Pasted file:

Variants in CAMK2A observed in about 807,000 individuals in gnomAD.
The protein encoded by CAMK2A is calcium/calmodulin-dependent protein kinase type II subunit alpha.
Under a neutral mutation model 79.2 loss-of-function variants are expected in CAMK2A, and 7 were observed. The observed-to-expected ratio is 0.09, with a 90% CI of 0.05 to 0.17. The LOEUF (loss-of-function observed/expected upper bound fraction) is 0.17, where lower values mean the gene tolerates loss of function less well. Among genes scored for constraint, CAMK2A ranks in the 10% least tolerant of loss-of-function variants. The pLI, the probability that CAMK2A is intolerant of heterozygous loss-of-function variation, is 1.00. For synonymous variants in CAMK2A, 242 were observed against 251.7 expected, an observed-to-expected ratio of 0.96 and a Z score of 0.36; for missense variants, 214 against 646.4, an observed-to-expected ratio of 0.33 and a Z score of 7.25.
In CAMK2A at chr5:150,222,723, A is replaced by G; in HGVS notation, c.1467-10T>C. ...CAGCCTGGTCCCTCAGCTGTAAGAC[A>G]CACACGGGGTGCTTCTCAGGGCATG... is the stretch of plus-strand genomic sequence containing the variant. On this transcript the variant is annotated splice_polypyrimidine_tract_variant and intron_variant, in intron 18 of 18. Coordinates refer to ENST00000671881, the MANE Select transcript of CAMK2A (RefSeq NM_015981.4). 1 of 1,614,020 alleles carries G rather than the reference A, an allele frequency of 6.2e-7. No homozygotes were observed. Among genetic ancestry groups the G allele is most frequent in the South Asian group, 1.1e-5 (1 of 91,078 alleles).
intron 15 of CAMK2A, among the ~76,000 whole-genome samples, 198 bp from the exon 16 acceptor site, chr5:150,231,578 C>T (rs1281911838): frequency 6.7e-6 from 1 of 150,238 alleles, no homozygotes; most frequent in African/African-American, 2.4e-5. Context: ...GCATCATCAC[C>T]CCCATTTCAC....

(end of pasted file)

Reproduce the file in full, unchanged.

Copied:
Variants in CAMK2A observed in about 807,000 individuals in gnomAD.
The protein encoded by CAMK2A is calcium/calmodulin-dependent protein kinase type II subunit alpha.
Under a neutral mutation model 79.2 loss-of-function variants are expected in CAMK2A, and 7 were observed. The observed-to-expected ratio is 0.09, with a 90% CI of 0.05 to 0.17. The LOEUF (loss-of-function observed/expected upper bound fraction) is 0.17, where lower values mean the gene tolerates loss of function less well. Among genes scored for constraint, CAMK2A ranks in the 10% least tolerant of loss-of-function variants. The pLI, the probability that CAMK2A is intolerant of heterozygous loss-of-function variation, is 1.00. For synonymous variants in CAMK2A, 242 were observed against 251.7 expected, an observed-to-expected ratio of 0.96 and a Z score of 0.36; for missense variants, 214 against 646.4, an observed-to-expected ratio of 0.33 and a Z score of 7.25.
In CAMK2A at chr5:150,222,723, A is replaced by G; in HGVS notation, c.1467-10T>C. ...CAGCCTGGTCCCTCAGCTGTAAGAC[A>G]CACACGGGGTGCTTCTCAGGGCATG... is the stretch of plus-strand genomic sequence containing the variant. On this transcript the variant is annotated splice_polypyrimidine_tract_variant and intron_variant, in intron 18 of 18. Coordinates refer to ENST00000671881, the MANE Select transcript of CAMK2A (RefSeq NM_015981.4). 1 of 1,614,020 alleles carries G rather than the reference A, an allele frequency of 6.2e-7. No homozygotes were observed. Among genetic ancestry groups the G allele is most frequent in the South Asian group, 1.1e-5 (1 of 91,078 alleles).
intron 15 of CAMK2A, among the ~76,000 whole-genome samples, 198 bp from the exon 16 acceptor site, chr5:150,231,578 C>T (rs1281911838): frequency 6.7e-6 from 1 of 150,238 alleles, no homozygotes; most frequent in African/African-American, 2.4e-5. Context: ...GCATCATCAC[C>T]CCCATTTCAC....